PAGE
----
chemical resistance, and

Dielectric constant or Dk

The choice of rigid-flex PCB material depends on the application, cost and performance requirements. For rigid parts, FR4 and polyimide are commonly used. These materials have excellent insulation, heat resistance and flame retardancy.

For flexible parts, popular choices are polyimide or Kapton films, as these materials have very low Dk and CTE values. In addition, they have good thermal stability and chemical resistance.

Rigid-Flex PCB Stackup

PCB stackup refers to the arrangement of circuit board layers. When designing a rigid-flex PCB stackup, engineers must consider the number of layers, the type of material for each layer, and other design elements needed for a successful board.

One of the rules of rigid-flex PCB layup is to optimize it to the application requirements. This includes ensuring the correct board thickness for different sections, number of layers and material types.

Rigid flexPCB thickness determines its bendability in the flexible part and strength in the rigid part. For successful performance, the thickness must meet specific requirements. Generally, if you want to bend the flexible part repeatedly during use, it is not recommended to exceed 2 layers.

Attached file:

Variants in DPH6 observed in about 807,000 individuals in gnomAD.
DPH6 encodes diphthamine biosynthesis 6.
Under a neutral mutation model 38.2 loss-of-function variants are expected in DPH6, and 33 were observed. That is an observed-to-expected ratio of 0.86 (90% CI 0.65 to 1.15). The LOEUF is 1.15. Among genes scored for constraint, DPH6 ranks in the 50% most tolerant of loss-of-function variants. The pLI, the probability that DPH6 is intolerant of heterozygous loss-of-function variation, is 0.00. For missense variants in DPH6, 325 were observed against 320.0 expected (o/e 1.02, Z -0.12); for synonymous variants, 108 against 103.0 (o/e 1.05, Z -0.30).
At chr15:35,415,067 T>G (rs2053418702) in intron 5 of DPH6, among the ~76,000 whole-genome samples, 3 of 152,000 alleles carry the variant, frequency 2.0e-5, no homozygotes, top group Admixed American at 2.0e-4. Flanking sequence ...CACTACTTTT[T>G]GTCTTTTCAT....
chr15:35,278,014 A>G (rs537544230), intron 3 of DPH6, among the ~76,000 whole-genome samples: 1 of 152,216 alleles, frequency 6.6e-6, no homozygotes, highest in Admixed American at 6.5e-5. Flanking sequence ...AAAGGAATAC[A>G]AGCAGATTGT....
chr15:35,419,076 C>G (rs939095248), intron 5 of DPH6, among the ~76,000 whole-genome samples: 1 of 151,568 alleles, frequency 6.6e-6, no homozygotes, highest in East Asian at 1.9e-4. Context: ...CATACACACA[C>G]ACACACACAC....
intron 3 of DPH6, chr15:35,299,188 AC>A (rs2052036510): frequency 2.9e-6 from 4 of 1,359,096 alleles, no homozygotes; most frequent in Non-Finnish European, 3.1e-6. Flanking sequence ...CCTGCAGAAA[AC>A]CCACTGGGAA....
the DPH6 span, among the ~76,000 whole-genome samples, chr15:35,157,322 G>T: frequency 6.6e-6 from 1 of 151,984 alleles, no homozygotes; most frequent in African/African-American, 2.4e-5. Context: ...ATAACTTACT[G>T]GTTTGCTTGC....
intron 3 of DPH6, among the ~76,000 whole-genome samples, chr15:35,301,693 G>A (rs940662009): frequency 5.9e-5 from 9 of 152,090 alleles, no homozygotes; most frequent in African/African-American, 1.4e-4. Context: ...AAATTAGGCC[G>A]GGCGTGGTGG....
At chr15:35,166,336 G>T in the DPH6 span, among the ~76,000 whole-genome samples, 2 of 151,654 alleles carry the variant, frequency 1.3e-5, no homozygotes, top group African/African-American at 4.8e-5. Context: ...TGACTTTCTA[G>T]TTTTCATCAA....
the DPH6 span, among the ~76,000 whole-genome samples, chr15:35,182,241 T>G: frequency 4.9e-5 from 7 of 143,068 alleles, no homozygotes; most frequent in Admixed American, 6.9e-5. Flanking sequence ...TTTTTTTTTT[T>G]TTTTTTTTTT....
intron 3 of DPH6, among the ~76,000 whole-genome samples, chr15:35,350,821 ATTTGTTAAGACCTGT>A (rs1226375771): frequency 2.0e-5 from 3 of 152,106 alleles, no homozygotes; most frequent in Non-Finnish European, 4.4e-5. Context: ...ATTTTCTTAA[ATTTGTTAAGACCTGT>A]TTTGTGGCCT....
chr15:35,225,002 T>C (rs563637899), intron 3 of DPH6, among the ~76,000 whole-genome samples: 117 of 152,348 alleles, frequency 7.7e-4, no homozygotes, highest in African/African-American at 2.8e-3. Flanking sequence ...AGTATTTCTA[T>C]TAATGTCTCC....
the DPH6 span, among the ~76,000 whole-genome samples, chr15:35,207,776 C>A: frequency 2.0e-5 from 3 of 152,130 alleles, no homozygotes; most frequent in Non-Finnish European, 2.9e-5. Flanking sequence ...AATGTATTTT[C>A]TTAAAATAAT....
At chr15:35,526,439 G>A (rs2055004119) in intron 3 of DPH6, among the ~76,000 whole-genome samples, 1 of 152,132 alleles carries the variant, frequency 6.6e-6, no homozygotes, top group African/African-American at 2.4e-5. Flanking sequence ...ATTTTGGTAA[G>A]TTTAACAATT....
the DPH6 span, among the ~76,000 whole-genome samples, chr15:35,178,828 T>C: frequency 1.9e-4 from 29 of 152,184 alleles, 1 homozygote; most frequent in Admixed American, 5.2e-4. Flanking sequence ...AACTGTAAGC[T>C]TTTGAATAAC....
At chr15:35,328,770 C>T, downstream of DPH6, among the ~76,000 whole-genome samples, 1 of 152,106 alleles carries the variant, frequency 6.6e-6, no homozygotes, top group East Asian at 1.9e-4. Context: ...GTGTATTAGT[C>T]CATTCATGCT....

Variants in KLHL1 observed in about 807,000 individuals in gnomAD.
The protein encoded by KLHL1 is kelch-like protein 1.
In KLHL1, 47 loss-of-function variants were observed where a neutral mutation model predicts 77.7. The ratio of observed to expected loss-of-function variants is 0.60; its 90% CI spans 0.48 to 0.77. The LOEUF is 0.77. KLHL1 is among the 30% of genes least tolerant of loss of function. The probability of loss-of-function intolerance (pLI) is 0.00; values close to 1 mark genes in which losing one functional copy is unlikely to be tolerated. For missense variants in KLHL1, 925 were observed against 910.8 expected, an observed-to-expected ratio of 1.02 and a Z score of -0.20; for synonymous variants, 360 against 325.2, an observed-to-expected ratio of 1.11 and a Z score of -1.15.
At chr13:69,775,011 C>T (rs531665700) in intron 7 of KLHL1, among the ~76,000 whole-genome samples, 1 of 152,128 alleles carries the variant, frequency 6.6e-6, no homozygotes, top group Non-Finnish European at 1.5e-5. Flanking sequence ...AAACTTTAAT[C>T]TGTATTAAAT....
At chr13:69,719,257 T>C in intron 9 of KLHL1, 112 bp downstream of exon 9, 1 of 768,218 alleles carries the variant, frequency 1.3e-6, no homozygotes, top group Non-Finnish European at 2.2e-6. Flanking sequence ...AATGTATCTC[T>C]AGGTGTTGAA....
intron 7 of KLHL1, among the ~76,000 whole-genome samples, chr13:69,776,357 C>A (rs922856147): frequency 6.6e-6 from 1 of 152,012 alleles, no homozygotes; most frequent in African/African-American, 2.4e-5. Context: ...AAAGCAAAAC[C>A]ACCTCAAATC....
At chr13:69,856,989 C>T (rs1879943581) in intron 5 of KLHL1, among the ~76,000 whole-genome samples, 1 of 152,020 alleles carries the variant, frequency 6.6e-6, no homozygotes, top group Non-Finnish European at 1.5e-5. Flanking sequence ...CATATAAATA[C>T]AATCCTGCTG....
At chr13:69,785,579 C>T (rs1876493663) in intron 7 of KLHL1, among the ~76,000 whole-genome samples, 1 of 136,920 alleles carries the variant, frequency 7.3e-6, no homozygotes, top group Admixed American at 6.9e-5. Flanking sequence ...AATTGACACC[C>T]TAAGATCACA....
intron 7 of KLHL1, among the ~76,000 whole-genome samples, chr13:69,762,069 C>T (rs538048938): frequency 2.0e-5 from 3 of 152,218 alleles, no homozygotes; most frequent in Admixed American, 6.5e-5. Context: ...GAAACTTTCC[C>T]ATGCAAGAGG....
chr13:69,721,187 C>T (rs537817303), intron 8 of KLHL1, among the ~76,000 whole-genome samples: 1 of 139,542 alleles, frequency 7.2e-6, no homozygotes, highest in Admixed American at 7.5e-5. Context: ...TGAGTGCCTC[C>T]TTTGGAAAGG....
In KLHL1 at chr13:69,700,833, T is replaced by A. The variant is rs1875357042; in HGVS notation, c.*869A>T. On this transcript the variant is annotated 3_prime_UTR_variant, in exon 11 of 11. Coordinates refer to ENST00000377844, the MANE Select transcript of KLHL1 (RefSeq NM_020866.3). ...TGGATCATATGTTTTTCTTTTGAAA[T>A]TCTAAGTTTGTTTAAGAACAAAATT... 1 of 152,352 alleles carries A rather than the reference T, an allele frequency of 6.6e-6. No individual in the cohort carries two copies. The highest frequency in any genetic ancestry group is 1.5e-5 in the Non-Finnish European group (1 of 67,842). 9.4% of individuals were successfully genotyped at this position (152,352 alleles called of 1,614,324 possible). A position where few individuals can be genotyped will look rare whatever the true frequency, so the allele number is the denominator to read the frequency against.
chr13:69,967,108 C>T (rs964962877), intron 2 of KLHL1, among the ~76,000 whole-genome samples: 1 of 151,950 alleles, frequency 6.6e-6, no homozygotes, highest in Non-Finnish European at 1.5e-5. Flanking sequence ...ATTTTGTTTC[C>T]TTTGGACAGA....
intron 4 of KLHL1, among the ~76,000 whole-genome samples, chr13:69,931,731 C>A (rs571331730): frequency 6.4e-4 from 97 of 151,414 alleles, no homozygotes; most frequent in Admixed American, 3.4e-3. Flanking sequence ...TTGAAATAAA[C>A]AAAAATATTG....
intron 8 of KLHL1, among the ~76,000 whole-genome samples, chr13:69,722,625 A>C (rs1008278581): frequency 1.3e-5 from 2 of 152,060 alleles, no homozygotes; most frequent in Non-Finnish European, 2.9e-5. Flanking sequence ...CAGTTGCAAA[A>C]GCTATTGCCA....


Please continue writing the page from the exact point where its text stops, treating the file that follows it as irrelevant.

Rigid Flex PCB Bend Radius

Bend radius is a key factor in rigid-flex PCB design. It determines how much space is needed to bend the flex portion of the board. It also determines the suitability of the board for static or dynamic flex applications.

To ensure successful performance, rigid bend radii must be kept within a certain range, typically using a ratio of bend radius to board thickness. The bending rate is obtained by dividing the bending radius by the plate thickness.

Depending on the application, your manufacturer should be able to provide minimum and maximum ratios for the bend radius of the rigid-flex PCB.

For a 1-layer rigid-flex PCB section, a bend ratio of 10:1 for static applications and 100:1 for dynamic applications is recommended.

For 2-layer boards, a ratio of 10:1 is suitable for static board applications and a ratio of 150:1 is suitable for dynamic use cases.